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Economic Expansion Leads Higher Taxes on Median One- and Two-Earner American Families

1 min readBy: Arthur P. Hall, Ph.D.

Download Special Report No. 65

Special Report No. 65

Executive Summary As the U.S. economy continues to expand, albeit slowly, so does the taxA tax is a mandatory payment or charge collected by local, state, and national governments from individuals or businesses to cover the costs of general government services, goods, and activities. burden on America’s median-income family. Taxes on the American family increased for the third straight year in 1996. This year, total taxes as a percent of income for a two-earner family are projected to increase to 38.4 percent, up from 38.1 percent in 1995; for a single-earner family, total taxes as a percent of income are projected to increase to 36.4 percent from 36.1 percent in 1995.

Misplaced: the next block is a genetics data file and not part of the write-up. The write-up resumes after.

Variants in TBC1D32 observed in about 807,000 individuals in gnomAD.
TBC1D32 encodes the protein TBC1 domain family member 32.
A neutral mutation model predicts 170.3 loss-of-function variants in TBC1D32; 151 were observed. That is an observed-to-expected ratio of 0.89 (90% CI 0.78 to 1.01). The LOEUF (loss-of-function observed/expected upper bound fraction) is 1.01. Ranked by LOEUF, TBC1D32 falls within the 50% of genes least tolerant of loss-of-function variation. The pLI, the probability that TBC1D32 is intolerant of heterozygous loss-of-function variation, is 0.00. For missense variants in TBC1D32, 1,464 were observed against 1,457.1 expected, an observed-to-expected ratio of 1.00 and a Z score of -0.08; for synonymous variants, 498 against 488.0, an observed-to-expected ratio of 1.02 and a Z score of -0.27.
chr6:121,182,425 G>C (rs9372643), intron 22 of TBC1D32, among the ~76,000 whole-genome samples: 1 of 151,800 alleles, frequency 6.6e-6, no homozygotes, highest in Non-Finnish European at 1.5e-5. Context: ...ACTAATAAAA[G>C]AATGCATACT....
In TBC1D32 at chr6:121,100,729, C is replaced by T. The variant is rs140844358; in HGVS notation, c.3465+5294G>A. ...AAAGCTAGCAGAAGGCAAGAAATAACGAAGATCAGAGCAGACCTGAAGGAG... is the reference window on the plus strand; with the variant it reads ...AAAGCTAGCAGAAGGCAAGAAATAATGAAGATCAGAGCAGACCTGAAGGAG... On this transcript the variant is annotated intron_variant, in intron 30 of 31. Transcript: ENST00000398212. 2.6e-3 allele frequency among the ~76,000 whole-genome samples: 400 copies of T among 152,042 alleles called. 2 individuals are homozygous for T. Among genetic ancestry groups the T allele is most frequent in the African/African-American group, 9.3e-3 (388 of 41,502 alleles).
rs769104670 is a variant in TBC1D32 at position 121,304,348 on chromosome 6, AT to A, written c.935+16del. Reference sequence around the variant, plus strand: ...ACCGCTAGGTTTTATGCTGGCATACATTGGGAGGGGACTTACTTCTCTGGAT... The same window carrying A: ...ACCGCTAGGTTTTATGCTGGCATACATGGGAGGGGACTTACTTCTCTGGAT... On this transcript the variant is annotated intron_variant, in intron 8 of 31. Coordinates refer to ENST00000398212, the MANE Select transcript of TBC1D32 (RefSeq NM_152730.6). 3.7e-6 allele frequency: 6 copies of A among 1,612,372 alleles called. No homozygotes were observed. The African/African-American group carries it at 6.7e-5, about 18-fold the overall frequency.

These tax-burden levels rival the highest ever. For a dual-income family, the only years in which total taxes as a percent of income were higher than 38.4 percent were in the years 1980-1982. In those years, respectively, the shares were 38.6 percent, 40.6 percent, and 39.6 percent. However, for a single earner family, several years registered a total tax burden equal to or greater than 36.4 percent of income. Those years were 1975, 1977-1982, 1984, and 1985. The period encompassing the late-1970s and early-1980s was difficult for taxpayers because of the high rates of inflationInflation is when the general price of goods and services increases across the economy, reducing the purchasing power of a currency and the value of certain assets. The same paycheck covers less goods, services, and bills. It is sometimes referred to as a “hidden tax,” as it leaves taxpayers less well-off due to higher costs and “bracket creep,” while increasing the government’s spending power. during the 1970s: Real income stagnated and simultaneously pushed taxpayers into ever-higher federal tax bracketA tax bracket is the range of incomes taxed at given rates, which typically differ depending on filing status. In a progressive individual or corporate income tax system, rates rise as income increases. There are seven federal individual income tax brackets; the federal corporate income tax system is flat. s. This situation was not reversed until the federal income tax reductions (and bracket indexation) of the 1980s took effect.